It is hard to compare May’s Britain to the international place of Britain that Cameron and Osborne’s Tory had, in a globalized and competitive market. She is after the common English families struggling in economic hardship and challenged by the competition coming from EU immigration and security threats (‘enough is enough’). Corbyn, on the other hand, has always been closer to peripheral groups of the Left, or taking skeptical positions towards the EU. For this reason, despite May presenting herself and her idea of Britain as ‘strong and stable’, hardly these elections will view an alternative winner to Theresa May. Corbyn has definitely improved his rate of support during the campaign, but is still considered not a credible alternative to Mrs May, but across the youth vote, a group that generally cast less votes than the other age groups and than the votes expected after asking before the elections.
From a recent undergoing research project, carried out with Dr Evangelos Fanoulis, at Metropolitan University in Prague, formerly at the University of Leicester, we point to the idea of Britain that both Theresa May and Jeremy Corbyn have, in an idealised conception of the community (their narrative) would serve. It brings together their own people, a comfortable place they belong to, and one that the 2016 British EU referendum brought back, with a large share of feelings and emotions that had been left unspoken for a long time. The recent economic crisis and the consequent adoption of austerity programmes have impacted on the emergence, and the resurgence or success of, sometimes opposing, political phenomena that are strictly linked to emotions and unchartered corrosive feelings reacting to a possible threat represented by a social change.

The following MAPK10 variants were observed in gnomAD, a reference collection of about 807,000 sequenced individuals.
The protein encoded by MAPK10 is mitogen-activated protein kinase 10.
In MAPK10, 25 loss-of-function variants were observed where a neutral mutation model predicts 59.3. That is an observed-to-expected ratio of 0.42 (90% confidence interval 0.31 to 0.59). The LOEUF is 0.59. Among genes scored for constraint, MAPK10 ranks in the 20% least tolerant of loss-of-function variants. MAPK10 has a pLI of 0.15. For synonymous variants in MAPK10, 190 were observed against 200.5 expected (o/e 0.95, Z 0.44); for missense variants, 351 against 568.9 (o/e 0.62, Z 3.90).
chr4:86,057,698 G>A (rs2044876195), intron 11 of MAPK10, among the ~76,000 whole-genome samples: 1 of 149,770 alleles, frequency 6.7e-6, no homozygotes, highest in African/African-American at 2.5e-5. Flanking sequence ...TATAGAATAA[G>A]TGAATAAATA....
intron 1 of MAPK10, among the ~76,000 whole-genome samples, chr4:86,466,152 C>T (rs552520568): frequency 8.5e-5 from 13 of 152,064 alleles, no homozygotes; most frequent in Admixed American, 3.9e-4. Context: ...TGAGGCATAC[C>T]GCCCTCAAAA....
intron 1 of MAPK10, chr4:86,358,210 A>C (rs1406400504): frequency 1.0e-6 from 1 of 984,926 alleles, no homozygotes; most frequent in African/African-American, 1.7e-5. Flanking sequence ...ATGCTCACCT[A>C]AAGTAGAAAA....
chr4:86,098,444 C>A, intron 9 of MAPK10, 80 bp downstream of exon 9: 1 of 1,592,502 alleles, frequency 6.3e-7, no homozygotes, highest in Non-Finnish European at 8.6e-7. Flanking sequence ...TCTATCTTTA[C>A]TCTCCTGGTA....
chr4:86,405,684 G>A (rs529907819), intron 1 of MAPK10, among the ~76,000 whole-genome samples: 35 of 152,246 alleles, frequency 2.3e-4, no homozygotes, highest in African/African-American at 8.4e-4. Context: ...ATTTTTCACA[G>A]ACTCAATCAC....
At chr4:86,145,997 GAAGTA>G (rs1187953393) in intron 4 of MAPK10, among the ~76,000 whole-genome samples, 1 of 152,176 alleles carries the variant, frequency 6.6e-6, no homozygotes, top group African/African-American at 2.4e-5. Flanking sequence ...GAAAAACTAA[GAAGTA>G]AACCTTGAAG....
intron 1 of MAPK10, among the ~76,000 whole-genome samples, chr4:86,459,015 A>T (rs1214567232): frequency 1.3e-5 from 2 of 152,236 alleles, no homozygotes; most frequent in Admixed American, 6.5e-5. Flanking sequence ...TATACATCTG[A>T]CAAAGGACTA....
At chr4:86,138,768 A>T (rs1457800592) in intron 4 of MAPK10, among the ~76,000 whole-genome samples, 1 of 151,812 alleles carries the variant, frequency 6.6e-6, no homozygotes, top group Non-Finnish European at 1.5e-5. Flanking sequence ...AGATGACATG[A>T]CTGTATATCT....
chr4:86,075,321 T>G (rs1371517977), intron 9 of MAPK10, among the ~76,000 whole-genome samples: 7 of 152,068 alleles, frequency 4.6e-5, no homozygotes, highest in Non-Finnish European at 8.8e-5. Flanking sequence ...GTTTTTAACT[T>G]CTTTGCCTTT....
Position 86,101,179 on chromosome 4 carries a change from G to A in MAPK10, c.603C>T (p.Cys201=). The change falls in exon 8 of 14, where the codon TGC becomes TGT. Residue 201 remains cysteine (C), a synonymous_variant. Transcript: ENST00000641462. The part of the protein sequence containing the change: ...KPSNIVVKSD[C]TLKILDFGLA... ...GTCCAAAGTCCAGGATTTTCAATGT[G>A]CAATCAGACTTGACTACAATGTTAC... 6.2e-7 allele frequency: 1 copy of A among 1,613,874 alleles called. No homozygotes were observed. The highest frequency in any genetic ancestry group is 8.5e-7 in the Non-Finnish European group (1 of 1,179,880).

‘The people’ or the community belonging to the same nostalgic heartland are not just an important feature of extreme right-wing populism, but, as in SYRIZA, in Greece, can be articulated as an inclusive ally against the economic crisis and the social costs of austerity. The people can mobilize active citizenship against the crisis. This views also the emergence of tensions against the EU integration process and the social costs of the crisis, which are able to find an ally within a narrative that moves beyond the boundary of disenfranchized citizens by empowering them, and enabling them to contest what in their eyes appear as a sedimented, unfair political status quo.
But while the debate on the Brexit negotiation process has completely remained absent from the general election campaign, as too challenging both for May and Corbyn, an unexpected high level of turnout among young people can hardly defy Theresa May, while the scope she sought for (ie: a strong and stable Britain to strengthen the British position in view of the Brexit talks), when she called them in April, completely and miserably failed.
- This article was originally published in La Razón, Thursday 8 June 2017, Un Reino Unido en blanco y negro (A Divided United Kingdom). Read the original article here
Simona Guerra is associate professor in politics at the University of Leicester.